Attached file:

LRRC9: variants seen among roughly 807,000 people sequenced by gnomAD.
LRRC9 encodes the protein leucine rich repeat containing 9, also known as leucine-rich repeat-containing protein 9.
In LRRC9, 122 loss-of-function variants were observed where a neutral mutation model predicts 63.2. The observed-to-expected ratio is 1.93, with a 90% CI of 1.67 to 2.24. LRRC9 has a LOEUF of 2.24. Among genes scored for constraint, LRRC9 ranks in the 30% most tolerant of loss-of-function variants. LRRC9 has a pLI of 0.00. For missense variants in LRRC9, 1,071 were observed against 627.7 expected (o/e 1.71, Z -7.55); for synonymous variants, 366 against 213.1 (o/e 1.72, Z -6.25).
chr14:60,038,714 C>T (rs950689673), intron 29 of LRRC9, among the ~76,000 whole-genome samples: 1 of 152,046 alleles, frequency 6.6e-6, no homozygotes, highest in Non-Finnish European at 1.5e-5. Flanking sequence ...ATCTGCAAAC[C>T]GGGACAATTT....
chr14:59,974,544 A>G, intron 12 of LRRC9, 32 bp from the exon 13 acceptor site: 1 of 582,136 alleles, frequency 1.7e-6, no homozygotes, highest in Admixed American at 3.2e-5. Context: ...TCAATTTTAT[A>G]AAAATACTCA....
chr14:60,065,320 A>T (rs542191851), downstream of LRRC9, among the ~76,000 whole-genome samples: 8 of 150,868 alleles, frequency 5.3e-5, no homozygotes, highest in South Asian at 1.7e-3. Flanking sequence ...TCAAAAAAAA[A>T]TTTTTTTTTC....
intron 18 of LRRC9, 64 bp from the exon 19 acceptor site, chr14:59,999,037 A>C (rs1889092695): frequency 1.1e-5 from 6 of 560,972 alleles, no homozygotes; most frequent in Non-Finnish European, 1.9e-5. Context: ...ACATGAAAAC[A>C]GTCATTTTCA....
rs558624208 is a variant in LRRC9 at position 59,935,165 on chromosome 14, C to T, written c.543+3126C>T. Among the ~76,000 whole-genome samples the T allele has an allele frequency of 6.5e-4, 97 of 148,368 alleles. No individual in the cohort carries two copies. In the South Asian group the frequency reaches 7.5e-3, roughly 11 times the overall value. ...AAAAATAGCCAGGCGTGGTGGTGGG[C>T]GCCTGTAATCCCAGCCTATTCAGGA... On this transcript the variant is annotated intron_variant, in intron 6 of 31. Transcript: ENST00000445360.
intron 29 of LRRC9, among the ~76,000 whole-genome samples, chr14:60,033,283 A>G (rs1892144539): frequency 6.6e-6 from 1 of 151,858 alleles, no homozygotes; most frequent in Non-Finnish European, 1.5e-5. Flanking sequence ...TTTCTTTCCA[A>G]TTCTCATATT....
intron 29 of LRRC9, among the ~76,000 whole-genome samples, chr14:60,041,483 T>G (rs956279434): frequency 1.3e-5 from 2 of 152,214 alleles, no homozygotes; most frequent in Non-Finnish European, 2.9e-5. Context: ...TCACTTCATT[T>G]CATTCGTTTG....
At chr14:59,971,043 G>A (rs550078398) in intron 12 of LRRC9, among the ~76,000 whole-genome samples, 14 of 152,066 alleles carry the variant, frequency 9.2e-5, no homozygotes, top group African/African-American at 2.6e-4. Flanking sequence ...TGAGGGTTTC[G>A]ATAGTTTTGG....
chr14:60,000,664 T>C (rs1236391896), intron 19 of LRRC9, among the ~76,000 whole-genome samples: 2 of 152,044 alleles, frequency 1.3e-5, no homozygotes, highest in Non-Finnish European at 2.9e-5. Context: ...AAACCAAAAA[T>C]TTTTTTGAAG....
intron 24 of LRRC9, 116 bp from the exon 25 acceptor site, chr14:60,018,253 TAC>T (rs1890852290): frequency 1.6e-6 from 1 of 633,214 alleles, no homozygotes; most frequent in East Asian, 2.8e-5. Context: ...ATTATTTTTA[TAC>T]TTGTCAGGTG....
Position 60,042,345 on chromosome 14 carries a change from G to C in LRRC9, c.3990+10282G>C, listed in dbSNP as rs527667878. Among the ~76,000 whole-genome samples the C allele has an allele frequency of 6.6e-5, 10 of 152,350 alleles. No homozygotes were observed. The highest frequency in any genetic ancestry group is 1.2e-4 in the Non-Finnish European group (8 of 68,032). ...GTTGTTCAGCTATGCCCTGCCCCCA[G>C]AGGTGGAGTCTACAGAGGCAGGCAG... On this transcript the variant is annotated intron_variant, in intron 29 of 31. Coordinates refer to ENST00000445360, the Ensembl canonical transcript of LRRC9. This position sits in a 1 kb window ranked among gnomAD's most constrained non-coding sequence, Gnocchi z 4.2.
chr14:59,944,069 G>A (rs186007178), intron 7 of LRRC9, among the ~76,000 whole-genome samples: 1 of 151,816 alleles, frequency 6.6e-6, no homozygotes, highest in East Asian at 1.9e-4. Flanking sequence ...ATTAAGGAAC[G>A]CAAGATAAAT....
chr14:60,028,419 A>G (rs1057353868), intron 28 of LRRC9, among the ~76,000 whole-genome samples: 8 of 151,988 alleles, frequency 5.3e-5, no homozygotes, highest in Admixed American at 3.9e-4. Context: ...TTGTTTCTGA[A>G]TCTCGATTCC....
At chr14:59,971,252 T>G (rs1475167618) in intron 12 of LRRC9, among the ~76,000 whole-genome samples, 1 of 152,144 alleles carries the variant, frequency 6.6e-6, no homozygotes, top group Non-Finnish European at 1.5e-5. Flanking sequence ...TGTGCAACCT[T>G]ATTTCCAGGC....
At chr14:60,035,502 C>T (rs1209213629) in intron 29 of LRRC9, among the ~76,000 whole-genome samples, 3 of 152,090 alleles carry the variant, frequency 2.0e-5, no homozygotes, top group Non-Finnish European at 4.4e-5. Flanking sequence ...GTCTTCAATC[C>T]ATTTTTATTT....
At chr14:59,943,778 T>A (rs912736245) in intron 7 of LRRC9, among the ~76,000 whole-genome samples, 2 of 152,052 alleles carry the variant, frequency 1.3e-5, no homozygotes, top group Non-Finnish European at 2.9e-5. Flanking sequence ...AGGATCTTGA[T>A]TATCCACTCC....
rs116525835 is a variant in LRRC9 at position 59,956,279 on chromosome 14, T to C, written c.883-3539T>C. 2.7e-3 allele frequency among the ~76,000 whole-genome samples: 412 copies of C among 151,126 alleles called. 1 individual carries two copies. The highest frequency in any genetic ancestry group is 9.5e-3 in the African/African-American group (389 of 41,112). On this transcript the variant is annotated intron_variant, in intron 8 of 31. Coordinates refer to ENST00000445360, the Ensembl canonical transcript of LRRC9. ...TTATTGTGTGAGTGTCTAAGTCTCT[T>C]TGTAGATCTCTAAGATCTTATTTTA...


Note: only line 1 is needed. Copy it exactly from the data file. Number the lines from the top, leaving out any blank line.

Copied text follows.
LRRC9: variants seen among roughly 807,000 people sequenced by gnomAD.